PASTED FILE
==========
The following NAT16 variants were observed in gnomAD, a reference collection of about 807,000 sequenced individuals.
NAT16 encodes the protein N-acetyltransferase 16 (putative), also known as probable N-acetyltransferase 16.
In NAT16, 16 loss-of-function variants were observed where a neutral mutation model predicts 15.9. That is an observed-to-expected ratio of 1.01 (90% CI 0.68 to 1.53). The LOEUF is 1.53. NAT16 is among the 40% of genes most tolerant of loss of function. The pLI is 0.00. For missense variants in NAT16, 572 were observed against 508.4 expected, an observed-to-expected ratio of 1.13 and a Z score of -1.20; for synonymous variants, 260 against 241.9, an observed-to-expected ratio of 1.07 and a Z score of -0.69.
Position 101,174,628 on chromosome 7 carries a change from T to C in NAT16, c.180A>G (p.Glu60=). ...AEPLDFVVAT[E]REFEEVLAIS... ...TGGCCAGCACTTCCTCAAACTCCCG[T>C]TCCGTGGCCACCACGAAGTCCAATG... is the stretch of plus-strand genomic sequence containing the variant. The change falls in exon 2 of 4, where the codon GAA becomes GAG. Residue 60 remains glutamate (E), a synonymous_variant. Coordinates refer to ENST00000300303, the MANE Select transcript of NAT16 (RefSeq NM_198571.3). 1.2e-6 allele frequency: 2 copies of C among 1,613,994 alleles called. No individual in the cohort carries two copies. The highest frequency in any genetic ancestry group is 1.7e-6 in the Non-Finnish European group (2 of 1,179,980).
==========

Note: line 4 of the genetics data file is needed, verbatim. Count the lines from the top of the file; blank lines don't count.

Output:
Position 101,174,628 on chromosome 7 carries a change from T to C in NAT16, c.180A>G (p.Glu60=). ...AEPLDFVVAT[E]REFEEVLAIS... ...TGGCCAGCACTTCCTCAAACTCCCG[T>C]TCCGTGGCCACCACGAAGTCCAATG... is the stretch of plus-strand genomic sequence containing the variant. The change falls in exon 2 of 4, where the codon GAA becomes GAG. Residue 60 remains glutamate (E), a synonymous_variant. Coordinates refer to ENST00000300303, the MANE Select transcript of NAT16 (RefSeq NM_198571.3). 1.2e-6 allele frequency: 2 copies of C among 1,613,994 alleles called. No individual in the cohort carries two copies. The highest frequency in any genetic ancestry group is 1.7e-6 in the Non-Finnish European group (2 of 1,179,980).